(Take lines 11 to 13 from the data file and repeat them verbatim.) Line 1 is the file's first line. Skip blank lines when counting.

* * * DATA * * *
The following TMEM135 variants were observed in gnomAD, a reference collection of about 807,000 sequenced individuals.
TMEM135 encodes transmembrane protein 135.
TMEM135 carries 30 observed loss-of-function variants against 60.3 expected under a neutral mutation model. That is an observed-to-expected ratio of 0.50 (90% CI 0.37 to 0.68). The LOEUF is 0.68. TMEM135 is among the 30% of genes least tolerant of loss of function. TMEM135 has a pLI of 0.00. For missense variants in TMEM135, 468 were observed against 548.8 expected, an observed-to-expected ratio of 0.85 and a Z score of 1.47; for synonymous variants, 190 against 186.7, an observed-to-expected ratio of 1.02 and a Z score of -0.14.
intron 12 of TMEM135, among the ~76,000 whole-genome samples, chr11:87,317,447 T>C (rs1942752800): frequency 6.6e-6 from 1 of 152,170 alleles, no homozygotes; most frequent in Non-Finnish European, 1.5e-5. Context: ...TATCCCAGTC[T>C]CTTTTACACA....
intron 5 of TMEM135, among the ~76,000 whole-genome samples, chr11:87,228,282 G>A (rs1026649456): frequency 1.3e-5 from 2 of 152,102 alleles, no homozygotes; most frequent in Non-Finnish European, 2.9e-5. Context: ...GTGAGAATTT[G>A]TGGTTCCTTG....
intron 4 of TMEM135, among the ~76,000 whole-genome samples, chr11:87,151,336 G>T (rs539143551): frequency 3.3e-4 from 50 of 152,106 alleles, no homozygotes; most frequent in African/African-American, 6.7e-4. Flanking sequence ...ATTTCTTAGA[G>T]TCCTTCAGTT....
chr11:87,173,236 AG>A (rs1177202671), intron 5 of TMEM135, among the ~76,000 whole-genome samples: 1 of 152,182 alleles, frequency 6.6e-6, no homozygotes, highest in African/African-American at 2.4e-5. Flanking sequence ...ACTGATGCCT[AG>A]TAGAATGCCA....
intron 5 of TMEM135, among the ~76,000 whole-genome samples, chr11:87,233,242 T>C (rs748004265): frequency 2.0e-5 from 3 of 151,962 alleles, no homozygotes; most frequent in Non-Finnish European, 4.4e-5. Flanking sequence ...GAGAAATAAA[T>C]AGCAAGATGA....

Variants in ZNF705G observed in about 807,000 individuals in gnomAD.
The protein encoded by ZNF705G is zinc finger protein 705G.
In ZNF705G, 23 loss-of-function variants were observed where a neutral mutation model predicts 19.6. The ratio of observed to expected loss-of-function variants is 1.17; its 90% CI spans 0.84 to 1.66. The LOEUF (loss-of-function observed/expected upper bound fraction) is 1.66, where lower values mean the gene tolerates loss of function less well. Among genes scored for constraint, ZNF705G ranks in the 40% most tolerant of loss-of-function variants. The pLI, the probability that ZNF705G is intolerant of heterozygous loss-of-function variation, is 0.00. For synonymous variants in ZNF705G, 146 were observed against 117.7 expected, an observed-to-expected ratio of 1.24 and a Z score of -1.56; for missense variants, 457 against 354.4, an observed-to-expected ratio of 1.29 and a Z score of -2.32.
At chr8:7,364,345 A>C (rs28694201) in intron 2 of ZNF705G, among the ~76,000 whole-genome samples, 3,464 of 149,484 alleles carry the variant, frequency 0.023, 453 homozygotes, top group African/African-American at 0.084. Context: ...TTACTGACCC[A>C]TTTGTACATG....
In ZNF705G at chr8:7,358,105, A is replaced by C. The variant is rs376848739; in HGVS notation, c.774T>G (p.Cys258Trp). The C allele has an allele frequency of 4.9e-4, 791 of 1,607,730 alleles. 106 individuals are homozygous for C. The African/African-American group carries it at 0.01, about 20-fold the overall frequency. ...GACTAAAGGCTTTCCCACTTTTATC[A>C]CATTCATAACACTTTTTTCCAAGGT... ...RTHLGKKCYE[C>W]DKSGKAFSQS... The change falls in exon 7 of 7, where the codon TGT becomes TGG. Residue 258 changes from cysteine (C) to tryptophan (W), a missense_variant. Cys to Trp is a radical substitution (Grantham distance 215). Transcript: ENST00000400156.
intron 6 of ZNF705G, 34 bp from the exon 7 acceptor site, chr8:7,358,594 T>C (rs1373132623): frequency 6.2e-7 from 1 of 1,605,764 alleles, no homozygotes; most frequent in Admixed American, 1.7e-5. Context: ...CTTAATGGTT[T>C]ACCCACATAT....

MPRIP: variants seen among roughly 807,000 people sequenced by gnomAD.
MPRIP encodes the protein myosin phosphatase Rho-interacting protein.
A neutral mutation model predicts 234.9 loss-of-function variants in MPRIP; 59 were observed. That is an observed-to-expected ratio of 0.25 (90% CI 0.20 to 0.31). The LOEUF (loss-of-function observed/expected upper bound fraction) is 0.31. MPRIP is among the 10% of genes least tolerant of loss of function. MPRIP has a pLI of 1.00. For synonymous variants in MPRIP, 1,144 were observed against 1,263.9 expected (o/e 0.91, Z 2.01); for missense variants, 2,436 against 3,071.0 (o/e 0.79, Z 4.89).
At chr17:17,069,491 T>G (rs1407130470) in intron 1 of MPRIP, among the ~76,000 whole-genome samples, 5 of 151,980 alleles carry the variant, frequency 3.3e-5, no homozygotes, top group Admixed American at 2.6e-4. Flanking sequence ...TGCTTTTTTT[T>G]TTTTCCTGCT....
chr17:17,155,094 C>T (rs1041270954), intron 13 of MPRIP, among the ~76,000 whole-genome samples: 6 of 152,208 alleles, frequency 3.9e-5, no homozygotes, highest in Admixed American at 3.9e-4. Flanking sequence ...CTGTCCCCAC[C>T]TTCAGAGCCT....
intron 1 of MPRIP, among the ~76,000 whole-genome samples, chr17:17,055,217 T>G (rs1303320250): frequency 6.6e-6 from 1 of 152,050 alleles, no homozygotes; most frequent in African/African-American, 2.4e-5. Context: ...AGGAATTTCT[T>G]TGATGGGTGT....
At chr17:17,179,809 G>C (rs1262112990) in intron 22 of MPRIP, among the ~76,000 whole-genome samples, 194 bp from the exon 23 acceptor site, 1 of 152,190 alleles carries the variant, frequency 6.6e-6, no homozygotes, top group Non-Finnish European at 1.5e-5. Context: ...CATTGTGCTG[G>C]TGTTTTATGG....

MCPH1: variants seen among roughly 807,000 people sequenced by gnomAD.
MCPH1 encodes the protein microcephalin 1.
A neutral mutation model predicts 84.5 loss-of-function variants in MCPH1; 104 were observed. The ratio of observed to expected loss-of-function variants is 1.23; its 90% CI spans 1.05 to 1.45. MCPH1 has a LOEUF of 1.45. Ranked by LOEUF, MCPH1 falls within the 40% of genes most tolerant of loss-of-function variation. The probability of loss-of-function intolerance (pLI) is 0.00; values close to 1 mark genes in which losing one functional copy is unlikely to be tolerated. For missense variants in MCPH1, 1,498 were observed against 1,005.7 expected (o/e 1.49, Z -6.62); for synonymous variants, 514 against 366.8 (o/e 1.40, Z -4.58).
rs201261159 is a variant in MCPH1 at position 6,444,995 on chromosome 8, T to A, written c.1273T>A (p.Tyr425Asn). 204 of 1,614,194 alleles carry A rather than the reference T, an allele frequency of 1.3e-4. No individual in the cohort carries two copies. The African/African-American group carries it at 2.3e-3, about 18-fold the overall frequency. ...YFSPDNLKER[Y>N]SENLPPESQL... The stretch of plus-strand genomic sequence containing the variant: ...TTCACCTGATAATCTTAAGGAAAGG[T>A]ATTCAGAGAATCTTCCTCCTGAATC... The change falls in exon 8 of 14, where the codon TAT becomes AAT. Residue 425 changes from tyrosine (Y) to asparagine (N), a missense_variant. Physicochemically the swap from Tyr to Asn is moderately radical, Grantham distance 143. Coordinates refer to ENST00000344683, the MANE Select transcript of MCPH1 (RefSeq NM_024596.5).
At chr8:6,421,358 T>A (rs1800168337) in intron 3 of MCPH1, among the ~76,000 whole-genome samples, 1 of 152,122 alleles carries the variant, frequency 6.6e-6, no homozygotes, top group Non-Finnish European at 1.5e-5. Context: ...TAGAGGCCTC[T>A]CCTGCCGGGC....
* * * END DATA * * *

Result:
In ZNF705G, 23 loss-of-function variants were observed where a neutral mutation model predicts 19.6. The ratio of observed to expected loss-of-function variants is 1.17; its 90% CI spans 0.84 to 1.66. The LOEUF (loss-of-function observed/expected upper bound fraction) is 1.66, where lower values mean the gene tolerates loss of function less well. Among genes scored for constraint, ZNF705G ranks in the 40% most tolerant of loss-of-function variants. The pLI, the probability that ZNF705G is intolerant of heterozygous loss-of-function variation, is 0.00. For synonymous variants in ZNF705G, 146 were observed against 117.7 expected, an observed-to-expected ratio of 1.24 and a Z score of -1.56; for missense variants, 457 against 354.4, an observed-to-expected ratio of 1.29 and a Z score of -2.32.
At chr8:7,364,345 A>C (rs28694201) in intron 2 of ZNF705G, among the ~76,000 whole-genome samples, 3,464 of 149,484 alleles carry the variant, frequency 0.023, 453 homozygotes, top group African/African-American at 0.084. Context: ...TTACTGACCC[A>C]TTTGTACATG....
In ZNF705G at chr8:7,358,105, A is replaced by C. The variant is rs376848739; in HGVS notation, c.774T>G (p.Cys258Trp). The C allele has an allele frequency of 4.9e-4, 791 of 1,607,730 alleles. 106 individuals are homozygous for C. The African/African-American group carries it at 0.01, about 20-fold the overall frequency. ...GACTAAAGGCTTTCCCACTTTTATC[A>C]CATTCATAACACTTTTTTCCAAGGT... ...RTHLGKKCYE[C>W]DKSGKAFSQS... The change falls in exon 7 of 7, where the codon TGT becomes TGG. Residue 258 changes from cysteine (C) to tryptophan (W), a missense_variant. Cys to Trp is a radical substitution (Grantham distance 215). Transcript: ENST00000400156.